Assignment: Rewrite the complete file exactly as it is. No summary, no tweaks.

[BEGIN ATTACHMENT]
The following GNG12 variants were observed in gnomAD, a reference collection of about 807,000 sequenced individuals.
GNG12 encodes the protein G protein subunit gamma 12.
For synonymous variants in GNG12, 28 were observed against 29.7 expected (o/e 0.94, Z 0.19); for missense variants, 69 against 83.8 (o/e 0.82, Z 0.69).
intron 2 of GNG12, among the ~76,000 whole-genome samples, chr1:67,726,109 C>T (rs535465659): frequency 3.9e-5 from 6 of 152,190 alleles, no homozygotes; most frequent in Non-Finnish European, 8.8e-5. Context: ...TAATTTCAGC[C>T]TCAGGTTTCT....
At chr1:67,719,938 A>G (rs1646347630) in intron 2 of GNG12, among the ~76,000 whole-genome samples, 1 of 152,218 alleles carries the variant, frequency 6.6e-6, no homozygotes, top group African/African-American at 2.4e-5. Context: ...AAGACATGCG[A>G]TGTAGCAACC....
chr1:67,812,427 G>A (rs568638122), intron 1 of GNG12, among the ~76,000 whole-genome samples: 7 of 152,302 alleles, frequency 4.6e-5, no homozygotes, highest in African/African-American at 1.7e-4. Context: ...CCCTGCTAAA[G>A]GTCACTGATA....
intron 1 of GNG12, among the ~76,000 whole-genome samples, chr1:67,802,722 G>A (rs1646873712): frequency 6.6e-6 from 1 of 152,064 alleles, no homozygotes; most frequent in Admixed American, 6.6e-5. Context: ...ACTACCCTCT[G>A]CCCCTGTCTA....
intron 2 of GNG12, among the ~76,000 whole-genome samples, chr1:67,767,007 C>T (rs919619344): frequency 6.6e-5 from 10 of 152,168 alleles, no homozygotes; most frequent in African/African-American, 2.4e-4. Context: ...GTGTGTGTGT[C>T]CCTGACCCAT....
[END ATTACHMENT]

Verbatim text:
The following GNG12 variants were observed in gnomAD, a reference collection of about 807,000 sequenced individuals.
GNG12 encodes the protein G protein subunit gamma 12.
For synonymous variants in GNG12, 28 were observed against 29.7 expected (o/e 0.94, Z 0.19); for missense variants, 69 against 83.8 (o/e 0.82, Z 0.69).
intron 2 of GNG12, among the ~76,000 whole-genome samples, chr1:67,726,109 C>T (rs535465659): frequency 3.9e-5 from 6 of 152,190 alleles, no homozygotes; most frequent in Non-Finnish European, 8.8e-5. Context: ...TAATTTCAGC[C>T]TCAGGTTTCT....
At chr1:67,719,938 A>G (rs1646347630) in intron 2 of GNG12, among the ~76,000 whole-genome samples, 1 of 152,218 alleles carries the variant, frequency 6.6e-6, no homozygotes, top group African/African-American at 2.4e-5. Context: ...AAGACATGCG[A>G]TGTAGCAACC....
chr1:67,812,427 G>A (rs568638122), intron 1 of GNG12, among the ~76,000 whole-genome samples: 7 of 152,302 alleles, frequency 4.6e-5, no homozygotes, highest in African/African-American at 1.7e-4. Context: ...CCCTGCTAAA[G>A]GTCACTGATA....
intron 1 of GNG12, among the ~76,000 whole-genome samples, chr1:67,802,722 G>A (rs1646873712): frequency 6.6e-6 from 1 of 152,064 alleles, no homozygotes; most frequent in Admixed American, 6.6e-5. Context: ...ACTACCCTCT[G>A]CCCCTGTCTA....
intron 2 of GNG12, among the ~76,000 whole-genome samples, chr1:67,767,007 C>T (rs919619344): frequency 6.6e-5 from 10 of 152,168 alleles, no homozygotes; most frequent in African/African-American, 2.4e-4. Context: ...GTGTGTGTGT[C>T]CCTGACCCAT....